Our Millennium Development Goals project had its genesis in earlier work — a piece we produced for the Guardian and later wrote about — that focused on the United Nations’ goal of reducing child mortality by two-thirds. The interactive highlights both the progress and setbacks made in the pursuit thus far, and identifies the cost of getting back on track for 2015.
Reducing Child Mortality is actually the fourth of eight Millennium Development Goals (MDGs) for 2015, and diving into just one of the indicators sparked our curiosity in the whole set. The UN produces an extensive report on MDG progress each year, but there is no high level summary to quickly explain how we’re doing across all goals. We challenged ourselves to change that.
We designed a standalone website to illustrate how we’re doing as a whole. The eight primary goals are broken out into 18 component indicators, and mapped on a scale from Reversed Progress, No Progress, On Target, and Goal Attained. Clicking on the circles reveals additional details about the corresponding goal, where progress has been made globally, and which nations or regions need assistance to move forward.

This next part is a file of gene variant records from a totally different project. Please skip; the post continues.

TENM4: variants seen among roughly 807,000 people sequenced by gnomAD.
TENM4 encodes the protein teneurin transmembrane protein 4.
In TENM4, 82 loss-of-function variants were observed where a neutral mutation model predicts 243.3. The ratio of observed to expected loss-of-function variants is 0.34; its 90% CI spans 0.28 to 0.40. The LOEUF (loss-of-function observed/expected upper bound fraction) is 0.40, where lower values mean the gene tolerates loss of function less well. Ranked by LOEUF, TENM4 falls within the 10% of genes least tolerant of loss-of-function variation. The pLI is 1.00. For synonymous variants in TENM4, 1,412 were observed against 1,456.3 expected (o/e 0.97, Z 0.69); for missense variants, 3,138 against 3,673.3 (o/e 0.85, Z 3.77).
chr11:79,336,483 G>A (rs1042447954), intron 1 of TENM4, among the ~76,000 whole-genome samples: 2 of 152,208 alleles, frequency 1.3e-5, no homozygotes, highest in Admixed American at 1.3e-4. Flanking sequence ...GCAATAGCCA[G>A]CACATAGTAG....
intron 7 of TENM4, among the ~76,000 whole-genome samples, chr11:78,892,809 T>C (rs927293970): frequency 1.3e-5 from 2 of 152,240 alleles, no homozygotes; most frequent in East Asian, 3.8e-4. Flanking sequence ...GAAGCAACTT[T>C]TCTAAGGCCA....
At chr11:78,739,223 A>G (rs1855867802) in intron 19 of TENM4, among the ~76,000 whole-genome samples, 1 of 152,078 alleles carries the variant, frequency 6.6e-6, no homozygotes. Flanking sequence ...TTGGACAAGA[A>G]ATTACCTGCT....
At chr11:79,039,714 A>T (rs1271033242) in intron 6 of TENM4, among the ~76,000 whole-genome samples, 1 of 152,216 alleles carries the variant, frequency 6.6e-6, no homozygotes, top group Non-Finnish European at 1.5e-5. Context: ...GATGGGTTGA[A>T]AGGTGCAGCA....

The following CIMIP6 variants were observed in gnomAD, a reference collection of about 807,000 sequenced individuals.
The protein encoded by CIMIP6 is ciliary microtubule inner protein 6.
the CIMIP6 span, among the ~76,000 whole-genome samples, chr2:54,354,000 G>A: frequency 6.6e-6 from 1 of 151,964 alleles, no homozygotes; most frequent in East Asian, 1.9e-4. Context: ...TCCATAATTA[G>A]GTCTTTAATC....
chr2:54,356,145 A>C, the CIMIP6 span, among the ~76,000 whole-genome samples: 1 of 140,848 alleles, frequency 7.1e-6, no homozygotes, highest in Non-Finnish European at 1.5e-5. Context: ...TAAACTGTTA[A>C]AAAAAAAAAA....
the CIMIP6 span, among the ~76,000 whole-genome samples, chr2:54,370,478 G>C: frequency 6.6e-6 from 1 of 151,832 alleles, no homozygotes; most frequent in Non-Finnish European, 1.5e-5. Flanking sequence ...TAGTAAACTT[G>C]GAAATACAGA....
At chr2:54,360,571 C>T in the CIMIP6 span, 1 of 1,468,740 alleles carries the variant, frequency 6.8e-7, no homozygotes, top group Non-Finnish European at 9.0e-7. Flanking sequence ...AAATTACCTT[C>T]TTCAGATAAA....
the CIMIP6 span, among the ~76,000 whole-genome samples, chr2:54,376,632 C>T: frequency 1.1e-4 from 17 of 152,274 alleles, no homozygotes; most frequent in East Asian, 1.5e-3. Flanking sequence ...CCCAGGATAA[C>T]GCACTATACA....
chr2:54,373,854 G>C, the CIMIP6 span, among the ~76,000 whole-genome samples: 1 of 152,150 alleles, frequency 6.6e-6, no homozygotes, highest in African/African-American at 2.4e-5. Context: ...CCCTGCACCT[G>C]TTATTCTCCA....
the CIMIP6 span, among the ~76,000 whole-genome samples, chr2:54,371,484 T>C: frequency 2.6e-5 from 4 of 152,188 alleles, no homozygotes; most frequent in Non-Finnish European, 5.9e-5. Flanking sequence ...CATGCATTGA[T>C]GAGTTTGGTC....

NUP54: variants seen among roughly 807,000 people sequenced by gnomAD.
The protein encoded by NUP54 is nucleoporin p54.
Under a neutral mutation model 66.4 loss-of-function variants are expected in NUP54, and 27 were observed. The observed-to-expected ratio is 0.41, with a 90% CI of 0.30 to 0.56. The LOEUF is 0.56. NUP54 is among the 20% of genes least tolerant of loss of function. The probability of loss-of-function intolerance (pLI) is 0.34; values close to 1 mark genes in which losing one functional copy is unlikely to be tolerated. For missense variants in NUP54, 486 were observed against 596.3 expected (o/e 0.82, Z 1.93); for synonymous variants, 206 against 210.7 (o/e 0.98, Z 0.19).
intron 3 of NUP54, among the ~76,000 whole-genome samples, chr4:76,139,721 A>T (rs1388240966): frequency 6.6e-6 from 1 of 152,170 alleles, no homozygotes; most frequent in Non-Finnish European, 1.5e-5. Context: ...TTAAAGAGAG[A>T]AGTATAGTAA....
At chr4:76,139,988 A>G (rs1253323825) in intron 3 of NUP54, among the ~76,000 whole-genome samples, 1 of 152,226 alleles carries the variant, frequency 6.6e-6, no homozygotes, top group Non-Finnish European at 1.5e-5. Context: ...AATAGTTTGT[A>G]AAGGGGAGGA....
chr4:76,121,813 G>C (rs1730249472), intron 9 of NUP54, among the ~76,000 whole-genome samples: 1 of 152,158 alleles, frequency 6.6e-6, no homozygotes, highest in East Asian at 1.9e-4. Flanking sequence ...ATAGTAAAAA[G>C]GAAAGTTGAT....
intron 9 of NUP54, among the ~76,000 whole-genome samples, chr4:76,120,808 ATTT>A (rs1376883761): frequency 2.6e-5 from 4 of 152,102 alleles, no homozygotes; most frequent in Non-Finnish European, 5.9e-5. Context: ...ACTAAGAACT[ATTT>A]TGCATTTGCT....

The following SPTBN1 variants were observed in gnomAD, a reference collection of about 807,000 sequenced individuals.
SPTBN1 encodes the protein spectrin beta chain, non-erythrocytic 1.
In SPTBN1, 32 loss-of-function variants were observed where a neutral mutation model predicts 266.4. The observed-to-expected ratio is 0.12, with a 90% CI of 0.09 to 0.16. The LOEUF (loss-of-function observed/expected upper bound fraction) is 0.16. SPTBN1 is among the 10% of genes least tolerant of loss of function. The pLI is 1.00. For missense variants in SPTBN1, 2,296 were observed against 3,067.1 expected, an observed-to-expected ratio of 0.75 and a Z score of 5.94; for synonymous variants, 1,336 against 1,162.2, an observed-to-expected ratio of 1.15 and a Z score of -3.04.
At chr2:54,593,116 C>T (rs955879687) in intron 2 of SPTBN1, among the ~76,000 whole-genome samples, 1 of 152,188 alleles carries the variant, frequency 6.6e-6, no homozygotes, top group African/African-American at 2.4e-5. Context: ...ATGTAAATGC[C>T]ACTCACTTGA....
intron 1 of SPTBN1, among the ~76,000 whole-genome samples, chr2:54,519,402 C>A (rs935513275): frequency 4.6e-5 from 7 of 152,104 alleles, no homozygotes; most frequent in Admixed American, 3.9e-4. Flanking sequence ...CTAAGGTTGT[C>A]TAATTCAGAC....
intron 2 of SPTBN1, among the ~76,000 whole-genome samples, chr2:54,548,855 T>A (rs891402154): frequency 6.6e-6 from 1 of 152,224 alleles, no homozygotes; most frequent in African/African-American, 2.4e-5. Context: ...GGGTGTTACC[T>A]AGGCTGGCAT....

The UN created the MDGs to test the use of data-driven indicators in the service of humanitarian goals. There is danger in oversimplifying the challenges that global researchers faced in producing this type of data in a usable form. Our site includes a matrix showing every data point that was used, and how it was collected — gathered directly by the UN, reported by local governments, or projected by statisticians — to make the full details of the data available, and serve as a reminder that global data is messy.
In the thirteen years since the MDGs were introduced, there have been some stunning successes: the number of people living in extreme poverty has halved; the percentage of people with access to clean drinking water has grown to almost 90%; and there have been sharp drops in malaria and tuberculosis mortality worldwide. Unfortunately there have also been indicators where progress has stagnated or even reversed itself, as in the case of child mortality. As the UN works to define the next generation of goals, dubbed the Sustainable Development Goals, efforts to visualize and understand this type of global data will become increasingly important.